Sunday, July 4, 2010

4th of July

Technically, all of these activities took place yesterday, on the 3rd of the July. But with the spirit of the 4th.

We spent most of yesterday at Old Salem. If you live in North Carolina, you probably visited Old Salem with your 4th grade class. It is a beautiful place, but we visited yesterday for the guns, not the beauty.

Years ago, when Dave worked at Old Salem, his very favorite part of his job was his role in the militia. He would return from work on the evening of the 4th of July with the very strong scent of gunpowder and a large, purple, impressive bruise on his shoulder from the kickback of the gun.

We impressed the kids Wilson with these stories and hopped in the car to see the show. Unfortunately museums are hit hard during times of economic struggle, so the once-great militia show has become a demonstration. Still great guys shooting great guns, but without the fanfare that really drew an excited crowd.

Let me preface the following photos by telling you that there was a fire drill demonstration soon after we arrived. This included pumping water from the well on the square (oh, the well memories....salem girls?), filling leather buckets, and emptying the water into some sort of hand-pumped water hose. The interpreters (men in costume) then asked for children to represent the fire and squirted all volunteers with the water hose. This is the reason for Wilson's lack of attire...

The guns were really loud.


But we were so excited!


Cousin Nat, firing on the enemy:


Despite the noise, Wilson and Anna Jane both decided to register themselves as members of the militia.


Anna Jane told the recruiter that her occupation was "designer." He wrote that she was a mantua maker, which is what a clothing maker (seamstress?) was called in the 1700s.


Wilson's occupation as listed on his enlistment form is a transformer. There was no alternate description given for this occupation. Guess the word meant the same 300 years ago.

After a close examination by the town joiner, posing as a doctor, the kids were accepted into the Old Salem militia.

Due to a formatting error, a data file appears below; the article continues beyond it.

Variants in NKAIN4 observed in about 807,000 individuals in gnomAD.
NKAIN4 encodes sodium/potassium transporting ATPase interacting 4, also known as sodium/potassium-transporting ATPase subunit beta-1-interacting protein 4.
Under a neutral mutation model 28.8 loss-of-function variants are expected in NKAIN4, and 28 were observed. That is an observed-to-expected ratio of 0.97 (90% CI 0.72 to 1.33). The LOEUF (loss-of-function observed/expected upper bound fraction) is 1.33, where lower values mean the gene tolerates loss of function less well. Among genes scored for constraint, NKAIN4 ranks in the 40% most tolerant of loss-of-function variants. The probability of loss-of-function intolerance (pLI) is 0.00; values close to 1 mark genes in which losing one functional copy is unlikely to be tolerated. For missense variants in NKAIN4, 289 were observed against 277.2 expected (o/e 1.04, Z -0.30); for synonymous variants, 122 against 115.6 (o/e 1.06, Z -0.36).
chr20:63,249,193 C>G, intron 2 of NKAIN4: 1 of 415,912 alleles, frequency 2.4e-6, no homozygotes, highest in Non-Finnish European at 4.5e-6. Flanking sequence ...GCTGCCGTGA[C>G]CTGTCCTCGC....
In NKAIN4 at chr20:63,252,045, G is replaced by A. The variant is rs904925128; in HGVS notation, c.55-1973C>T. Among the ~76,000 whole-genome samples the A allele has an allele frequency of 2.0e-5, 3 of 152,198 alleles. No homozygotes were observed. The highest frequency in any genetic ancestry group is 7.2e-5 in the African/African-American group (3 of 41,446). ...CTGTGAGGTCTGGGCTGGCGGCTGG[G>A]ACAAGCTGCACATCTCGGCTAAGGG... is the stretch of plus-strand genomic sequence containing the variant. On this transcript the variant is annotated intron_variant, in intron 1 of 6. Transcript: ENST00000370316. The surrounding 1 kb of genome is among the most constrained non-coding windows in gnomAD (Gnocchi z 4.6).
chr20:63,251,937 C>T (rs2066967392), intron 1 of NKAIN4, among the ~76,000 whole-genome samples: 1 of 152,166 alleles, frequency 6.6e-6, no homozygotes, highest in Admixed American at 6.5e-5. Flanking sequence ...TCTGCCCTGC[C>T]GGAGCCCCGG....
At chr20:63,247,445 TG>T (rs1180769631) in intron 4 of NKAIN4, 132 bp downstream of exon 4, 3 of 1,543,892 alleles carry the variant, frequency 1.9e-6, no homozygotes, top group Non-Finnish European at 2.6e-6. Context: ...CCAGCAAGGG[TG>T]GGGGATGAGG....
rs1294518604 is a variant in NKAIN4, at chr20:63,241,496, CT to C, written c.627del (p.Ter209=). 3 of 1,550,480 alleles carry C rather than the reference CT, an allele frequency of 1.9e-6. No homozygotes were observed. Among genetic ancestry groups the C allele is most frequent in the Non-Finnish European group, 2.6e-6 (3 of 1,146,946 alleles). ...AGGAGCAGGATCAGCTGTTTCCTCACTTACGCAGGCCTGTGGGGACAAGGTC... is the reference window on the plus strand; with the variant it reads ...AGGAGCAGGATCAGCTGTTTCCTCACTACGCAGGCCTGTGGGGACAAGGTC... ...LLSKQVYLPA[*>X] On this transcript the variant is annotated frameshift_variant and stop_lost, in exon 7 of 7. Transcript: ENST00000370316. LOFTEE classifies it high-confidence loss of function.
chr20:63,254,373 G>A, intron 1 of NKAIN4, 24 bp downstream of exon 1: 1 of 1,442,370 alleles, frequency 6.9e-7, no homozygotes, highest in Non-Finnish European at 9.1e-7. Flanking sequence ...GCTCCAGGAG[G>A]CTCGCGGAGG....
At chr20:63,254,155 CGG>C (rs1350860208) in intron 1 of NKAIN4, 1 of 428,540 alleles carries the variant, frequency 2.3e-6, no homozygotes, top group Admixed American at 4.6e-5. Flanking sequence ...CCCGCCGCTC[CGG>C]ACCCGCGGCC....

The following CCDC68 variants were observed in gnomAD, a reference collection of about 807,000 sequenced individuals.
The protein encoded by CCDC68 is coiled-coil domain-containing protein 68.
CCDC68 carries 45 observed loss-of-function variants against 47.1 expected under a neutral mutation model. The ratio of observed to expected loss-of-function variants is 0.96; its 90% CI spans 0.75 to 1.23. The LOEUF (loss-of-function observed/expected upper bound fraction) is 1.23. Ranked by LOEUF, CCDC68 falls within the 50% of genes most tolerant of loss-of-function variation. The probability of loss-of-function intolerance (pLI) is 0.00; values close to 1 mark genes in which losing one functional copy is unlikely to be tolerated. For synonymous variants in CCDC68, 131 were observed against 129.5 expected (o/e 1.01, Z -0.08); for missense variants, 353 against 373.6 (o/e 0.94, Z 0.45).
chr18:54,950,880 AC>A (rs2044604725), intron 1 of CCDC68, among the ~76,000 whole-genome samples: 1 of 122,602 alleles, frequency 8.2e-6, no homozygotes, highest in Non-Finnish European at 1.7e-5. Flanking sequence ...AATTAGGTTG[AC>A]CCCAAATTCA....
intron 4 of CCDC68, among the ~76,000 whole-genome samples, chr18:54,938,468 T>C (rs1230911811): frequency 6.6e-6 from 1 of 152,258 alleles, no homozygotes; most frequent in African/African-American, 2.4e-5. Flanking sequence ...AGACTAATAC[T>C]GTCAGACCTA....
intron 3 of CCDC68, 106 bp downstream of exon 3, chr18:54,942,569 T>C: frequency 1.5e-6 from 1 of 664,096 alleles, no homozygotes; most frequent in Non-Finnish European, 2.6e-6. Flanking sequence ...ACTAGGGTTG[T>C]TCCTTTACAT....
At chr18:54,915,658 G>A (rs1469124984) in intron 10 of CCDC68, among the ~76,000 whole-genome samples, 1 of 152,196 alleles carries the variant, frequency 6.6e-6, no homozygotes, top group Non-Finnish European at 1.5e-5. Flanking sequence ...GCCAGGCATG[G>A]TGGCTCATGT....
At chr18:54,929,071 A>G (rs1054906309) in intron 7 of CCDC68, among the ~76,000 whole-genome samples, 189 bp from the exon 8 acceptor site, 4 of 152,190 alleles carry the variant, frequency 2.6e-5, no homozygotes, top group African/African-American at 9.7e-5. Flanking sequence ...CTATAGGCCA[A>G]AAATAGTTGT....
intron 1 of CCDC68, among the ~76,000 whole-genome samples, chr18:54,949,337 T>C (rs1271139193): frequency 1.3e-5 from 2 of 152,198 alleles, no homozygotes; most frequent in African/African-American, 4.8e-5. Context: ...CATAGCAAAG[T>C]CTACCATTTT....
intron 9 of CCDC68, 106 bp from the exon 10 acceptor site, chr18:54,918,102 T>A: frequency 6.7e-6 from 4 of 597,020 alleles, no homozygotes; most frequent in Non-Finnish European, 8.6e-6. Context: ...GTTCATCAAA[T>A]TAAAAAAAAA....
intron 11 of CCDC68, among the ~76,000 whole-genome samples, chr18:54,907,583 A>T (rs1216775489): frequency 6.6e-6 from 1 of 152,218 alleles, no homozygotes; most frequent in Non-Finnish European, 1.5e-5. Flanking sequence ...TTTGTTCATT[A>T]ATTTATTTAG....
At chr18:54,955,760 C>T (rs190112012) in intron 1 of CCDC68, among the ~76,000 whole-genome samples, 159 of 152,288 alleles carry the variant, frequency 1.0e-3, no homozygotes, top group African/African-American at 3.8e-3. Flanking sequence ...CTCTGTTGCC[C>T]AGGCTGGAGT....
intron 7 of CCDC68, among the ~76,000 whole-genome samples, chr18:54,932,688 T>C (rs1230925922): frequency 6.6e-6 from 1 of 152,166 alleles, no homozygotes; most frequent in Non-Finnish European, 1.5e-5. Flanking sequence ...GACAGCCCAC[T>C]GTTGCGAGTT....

Despite 75 tries at a photo with all 3 kids, this is the only one where all of them are looking at the camera:


Thank goodness for digital.

When we got home we decided to bake some cookies, which would usually not rank high enough on the excitement meter to land in a blog post. The difference this time, however, is that I made them with a recipe from a good friend, and they are the most delicious sugar cookies you will EVER eat. So I snapped some pictures of the process to accompany the recipe. It is too good not to share.

This dough definitely rolls out easier than any other dough I've tried before.


No good reason for lack of clothing in this picture, other than the fact that this is how Wilson presents himself 85% of the time.


This is what happens when you give a 2-year-old a cookie cutter and his own dough:


This is what happens when you give him sprinkles:


Maybe he learned it from his 4-year-old brother:


Sugar Cookies
3 cups flour
1 cup sugar
1 1/2 tsp baking powder
1/2 tsp salt
1 cup butter (soft)
1 egg (beaten)
3 Tbs cream
1 tsp vanilla

Combine dry ingredients. Combine wet ingredients. Mix dry and wet together. (it really is that easy).

Roll out, cut out, bake at 400 for 5-6 minutes.

That's the recipe as I got it...but as a rule I always cook at a lower temp and at a lesser amount of time than called for. ALWAYS. So my oven was set at 350, and I baked for about 5 minutes. PERFECT!!



  1. Hee Hee, that cookie with the mountain of sprinkles is too cute.

  2. Molly and I want to come make cookies too!!!

  3. You Leonard sisters produce some of the most beautiful children I have ever seen! oh my gosh.

  4. Do you always make cookies for the fourth? It never even occured to me, but when I saw them my mouth got a little drooly... YUM!